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Using information technology, communication and citizen science in alien invasive plant management in Kruger National Park, South Africa

Le Bourgeois T., Thompson D.I., Guezou A., Foxcroft L.C., Grard P., Taylor R.W., Marshall T., Carrara A.. 2016. In : Rakotoarisoa Noëline R. (ed.), Blackmore Stephen (ed.), Riera Bernard (ed.). Botanists of the twenty-first century: roles, challenges and opportunities. Paris : UNESCO, p. 103-111. UNESCO International Conference: Botanists of the twenty-first century, 2014-09-22/2014-09-25, Paris (France).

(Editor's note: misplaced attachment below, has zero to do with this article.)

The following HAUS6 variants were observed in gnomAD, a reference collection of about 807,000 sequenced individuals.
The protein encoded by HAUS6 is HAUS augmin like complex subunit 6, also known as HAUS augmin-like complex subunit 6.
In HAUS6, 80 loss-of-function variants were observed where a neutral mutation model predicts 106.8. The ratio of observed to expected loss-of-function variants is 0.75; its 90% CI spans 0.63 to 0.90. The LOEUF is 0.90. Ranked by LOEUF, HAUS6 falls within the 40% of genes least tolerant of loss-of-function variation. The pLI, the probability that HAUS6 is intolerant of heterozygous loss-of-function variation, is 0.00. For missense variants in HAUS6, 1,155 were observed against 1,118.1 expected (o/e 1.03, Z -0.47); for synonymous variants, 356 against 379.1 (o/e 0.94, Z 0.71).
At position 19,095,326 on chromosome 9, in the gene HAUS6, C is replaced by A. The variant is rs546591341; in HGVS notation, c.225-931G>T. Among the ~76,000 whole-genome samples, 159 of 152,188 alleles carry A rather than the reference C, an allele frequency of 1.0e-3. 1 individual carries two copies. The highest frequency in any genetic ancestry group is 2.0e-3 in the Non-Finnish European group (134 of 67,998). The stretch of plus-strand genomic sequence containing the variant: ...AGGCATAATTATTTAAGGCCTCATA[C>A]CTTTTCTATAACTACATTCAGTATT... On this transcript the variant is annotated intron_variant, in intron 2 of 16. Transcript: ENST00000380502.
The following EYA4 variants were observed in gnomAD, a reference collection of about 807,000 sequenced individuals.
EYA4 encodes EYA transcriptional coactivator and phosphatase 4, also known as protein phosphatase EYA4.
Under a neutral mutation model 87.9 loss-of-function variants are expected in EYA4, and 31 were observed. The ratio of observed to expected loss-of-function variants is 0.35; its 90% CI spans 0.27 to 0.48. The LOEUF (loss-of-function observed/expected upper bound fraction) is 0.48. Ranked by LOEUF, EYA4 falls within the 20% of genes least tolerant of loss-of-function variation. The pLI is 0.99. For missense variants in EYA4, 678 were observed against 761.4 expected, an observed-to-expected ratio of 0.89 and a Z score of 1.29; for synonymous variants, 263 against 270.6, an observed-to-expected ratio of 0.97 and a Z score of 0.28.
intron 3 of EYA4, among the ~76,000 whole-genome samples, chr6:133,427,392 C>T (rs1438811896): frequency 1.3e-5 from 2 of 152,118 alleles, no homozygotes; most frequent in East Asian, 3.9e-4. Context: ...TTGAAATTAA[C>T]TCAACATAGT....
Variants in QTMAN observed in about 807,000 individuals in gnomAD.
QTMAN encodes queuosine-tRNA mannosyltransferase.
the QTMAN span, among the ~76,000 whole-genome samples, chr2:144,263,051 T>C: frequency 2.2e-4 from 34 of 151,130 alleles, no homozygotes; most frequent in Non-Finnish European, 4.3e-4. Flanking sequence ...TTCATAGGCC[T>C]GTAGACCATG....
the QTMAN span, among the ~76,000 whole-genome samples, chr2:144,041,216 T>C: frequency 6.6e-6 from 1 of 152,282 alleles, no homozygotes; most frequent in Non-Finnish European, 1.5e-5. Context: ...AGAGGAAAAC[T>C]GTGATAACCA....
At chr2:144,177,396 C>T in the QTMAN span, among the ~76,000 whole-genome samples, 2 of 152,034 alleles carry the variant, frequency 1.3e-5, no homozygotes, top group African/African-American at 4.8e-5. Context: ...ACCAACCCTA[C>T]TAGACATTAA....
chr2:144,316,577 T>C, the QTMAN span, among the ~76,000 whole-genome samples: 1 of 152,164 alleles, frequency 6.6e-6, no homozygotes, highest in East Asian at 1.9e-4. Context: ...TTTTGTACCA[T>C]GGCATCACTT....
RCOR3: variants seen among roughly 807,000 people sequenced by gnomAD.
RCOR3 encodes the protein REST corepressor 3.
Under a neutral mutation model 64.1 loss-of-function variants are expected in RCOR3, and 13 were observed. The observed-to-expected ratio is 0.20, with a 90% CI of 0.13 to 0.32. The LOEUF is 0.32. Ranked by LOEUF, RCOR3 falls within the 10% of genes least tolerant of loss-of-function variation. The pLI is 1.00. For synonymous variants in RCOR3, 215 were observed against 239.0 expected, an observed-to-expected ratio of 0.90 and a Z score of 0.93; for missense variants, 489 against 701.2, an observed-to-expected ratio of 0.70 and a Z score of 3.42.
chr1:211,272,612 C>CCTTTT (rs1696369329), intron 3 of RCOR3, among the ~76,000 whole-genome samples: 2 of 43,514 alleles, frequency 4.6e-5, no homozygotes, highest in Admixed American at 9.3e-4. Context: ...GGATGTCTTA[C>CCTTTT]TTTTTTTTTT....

Invasive plant species are a major threat to the biodiversity of protected areas and South Africa's Kruger National Park (KNP), which covers about 20 000 km2, is no exception. The extensive river network draining highly invaded and transformed external catchments make KNP highly susceptible to alien plant invasion. Efficient control thereof requires early detection of alien species, increased awareness, effective eradication and dissemination of information amongst all relevant stakeholders. Pl@ntInvasive-Kruger was initiated to provide a platform and a range of tools in support of these actions locally by aiming to develop a suite of science-based, computer-driven tools for use by KNP managers, researchers and field teams involved in alien plant control. Four applications were developed, each supported by the global, multi-user PL@NTMANAGER database: 1) PUBLISH returns synthesised species information; 2) IDAO executes computer-aided plant identification; 3) IDENTIFY provides image recognition; and 4) CYBERTRAKER acts as an interface for mobile data collection applications. This toolkit facilitates the sharing of information between stakeholders, including scientists, field officers and citizens, and disseminates synthesised information to managers of invasive plants, eradication teams and conservationists. All tools are usable, or can be downloaded, from an internet based platform where members can also share information and documents and engage in discussions on alien invasive plants. Correct identification is an essential aspect of alien plant control programs, but is difficult and time consuming where large numbers of alien and indigenous plant species co-occur. The Pl@ntInvasive-Kruger database currently contains information on ~237 alien plant species, with the identification tools focussing on the 113 most important species. By facilitating the identification of invasive plants and supporting knowledge-sharing and the use of shared tools for a common goal, Pl@ntInvasive-Kruger promotes invasive alien plant control and thereby biodiversity conservation in KNP. (Résumé d'auteur)

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